Conceptualization and Measurement of Criminal Thinking: Initial Validation of the Criminogenic Thinking Profile
This article describes two studies concerning the development of a new measure of criminal thinking, the Criminogenic Thinking Profile (CTP), influenced by the construct of psychopathy, and traditional models of cognitive-behavioral therapy (CBT). An experimental item pool based on verbalizations from offenders served as the pilot version of the instrument. Principal components analysis of the items resulted in a 62-item, eight-factor scale that was internally consistent. In terms of content, six of the resulting factors were conceptually related to psychopathy, one to CBT, and one to neutralization theory. The factor structure and internal reliability was supported by a subsequent confirmatory factor analysis. Initial support for the CTP’s convergent validity was indicated by its positive correlations with psychopathy and personality disorders associated with criminal, aggressive, and impulsive behaviors. The CTP’s divergent validity was supported by its inverse correlations with indices of healthy personality functioning. The CTP offers a somewhat different constellation of thinking patterns than those found on previously published criminal thinking instruments. The utility of the CTP to identify relevant cognitive targets for offender treatment is a recommended area of future research.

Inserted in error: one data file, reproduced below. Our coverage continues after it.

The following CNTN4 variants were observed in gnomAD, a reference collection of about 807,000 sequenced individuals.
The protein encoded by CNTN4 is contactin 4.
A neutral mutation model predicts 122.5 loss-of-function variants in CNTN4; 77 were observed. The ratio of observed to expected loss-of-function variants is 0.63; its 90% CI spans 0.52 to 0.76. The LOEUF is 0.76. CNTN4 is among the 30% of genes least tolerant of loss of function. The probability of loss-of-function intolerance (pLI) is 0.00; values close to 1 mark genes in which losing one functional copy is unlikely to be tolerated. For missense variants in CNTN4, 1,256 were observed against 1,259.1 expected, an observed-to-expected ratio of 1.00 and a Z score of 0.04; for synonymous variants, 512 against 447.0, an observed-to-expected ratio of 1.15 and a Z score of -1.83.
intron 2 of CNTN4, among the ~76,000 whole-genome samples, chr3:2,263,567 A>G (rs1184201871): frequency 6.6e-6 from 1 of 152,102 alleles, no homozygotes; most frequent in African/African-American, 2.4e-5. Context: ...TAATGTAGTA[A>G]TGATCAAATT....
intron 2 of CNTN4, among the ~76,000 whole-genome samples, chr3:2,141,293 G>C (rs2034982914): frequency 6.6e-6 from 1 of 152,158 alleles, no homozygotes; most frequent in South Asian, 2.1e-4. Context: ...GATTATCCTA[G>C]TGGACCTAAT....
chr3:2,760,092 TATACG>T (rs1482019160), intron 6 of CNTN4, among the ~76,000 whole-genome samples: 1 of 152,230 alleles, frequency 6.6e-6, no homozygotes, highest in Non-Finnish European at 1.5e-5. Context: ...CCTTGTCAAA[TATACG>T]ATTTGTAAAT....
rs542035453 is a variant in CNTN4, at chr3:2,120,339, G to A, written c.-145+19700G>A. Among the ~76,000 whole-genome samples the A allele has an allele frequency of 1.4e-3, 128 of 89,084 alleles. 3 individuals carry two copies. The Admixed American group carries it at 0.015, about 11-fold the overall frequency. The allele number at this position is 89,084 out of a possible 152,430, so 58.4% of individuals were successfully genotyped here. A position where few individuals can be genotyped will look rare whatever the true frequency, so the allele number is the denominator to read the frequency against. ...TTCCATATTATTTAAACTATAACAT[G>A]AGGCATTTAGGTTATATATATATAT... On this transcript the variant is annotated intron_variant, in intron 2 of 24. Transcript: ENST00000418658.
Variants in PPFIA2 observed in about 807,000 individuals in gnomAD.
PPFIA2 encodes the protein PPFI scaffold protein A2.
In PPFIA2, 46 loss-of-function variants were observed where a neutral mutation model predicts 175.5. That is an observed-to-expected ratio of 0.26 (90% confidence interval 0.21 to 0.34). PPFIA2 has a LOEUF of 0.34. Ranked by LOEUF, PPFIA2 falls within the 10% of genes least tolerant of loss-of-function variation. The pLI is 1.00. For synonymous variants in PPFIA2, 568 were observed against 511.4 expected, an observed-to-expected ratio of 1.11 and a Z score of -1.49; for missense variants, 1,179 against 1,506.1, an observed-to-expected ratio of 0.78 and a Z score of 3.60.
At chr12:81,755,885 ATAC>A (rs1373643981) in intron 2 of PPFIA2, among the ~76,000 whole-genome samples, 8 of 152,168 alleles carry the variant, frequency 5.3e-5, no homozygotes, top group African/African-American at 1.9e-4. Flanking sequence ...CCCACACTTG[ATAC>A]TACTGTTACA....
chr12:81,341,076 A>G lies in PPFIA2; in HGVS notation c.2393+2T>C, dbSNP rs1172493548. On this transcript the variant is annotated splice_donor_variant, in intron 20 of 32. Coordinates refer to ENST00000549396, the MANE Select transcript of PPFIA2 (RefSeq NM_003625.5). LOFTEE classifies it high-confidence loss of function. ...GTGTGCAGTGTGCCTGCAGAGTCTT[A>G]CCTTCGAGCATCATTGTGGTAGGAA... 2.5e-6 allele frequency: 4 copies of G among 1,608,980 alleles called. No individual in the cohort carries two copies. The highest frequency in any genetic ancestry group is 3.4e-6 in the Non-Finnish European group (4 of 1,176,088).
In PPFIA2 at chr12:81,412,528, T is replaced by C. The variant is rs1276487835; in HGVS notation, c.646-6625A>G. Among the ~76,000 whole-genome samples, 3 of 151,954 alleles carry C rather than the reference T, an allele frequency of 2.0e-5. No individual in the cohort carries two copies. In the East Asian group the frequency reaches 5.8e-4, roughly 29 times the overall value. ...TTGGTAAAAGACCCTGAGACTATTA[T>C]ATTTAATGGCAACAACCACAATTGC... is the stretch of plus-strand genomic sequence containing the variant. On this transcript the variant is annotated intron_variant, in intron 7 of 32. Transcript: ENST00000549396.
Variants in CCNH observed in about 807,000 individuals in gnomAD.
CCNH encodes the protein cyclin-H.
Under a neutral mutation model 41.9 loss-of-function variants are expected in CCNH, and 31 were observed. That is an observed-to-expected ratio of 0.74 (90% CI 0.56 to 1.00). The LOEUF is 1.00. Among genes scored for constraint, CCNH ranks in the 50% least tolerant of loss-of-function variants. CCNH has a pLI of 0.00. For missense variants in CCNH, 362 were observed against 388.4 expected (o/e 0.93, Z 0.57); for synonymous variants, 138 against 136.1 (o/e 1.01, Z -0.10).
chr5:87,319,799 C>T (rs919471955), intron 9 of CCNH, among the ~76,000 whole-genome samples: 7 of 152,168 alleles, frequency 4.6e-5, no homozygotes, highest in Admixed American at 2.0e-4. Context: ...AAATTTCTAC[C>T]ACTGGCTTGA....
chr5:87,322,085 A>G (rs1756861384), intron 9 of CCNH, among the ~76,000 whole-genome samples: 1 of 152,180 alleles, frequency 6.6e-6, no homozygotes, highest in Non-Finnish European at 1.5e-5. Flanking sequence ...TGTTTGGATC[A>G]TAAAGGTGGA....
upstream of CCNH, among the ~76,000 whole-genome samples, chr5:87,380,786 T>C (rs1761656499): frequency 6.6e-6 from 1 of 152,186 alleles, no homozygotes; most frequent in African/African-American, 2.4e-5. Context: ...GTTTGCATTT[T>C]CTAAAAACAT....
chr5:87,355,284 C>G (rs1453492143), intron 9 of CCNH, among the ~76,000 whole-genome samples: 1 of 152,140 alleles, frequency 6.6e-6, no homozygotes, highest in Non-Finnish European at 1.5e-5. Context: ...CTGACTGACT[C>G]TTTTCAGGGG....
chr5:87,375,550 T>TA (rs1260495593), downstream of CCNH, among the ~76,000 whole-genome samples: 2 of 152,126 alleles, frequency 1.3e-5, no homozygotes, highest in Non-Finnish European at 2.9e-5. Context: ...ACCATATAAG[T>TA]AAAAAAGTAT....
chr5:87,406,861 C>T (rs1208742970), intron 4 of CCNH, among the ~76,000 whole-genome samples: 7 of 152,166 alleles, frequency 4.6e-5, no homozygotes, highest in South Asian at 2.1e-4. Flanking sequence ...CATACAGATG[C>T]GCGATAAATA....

Damon Mitchell, Raymond Chip Tafrate: Central Connecticut State University, New Britain, USA
International Journal of Offender Therapy and Comparative Criminology, July 2011
(reprinted with permission)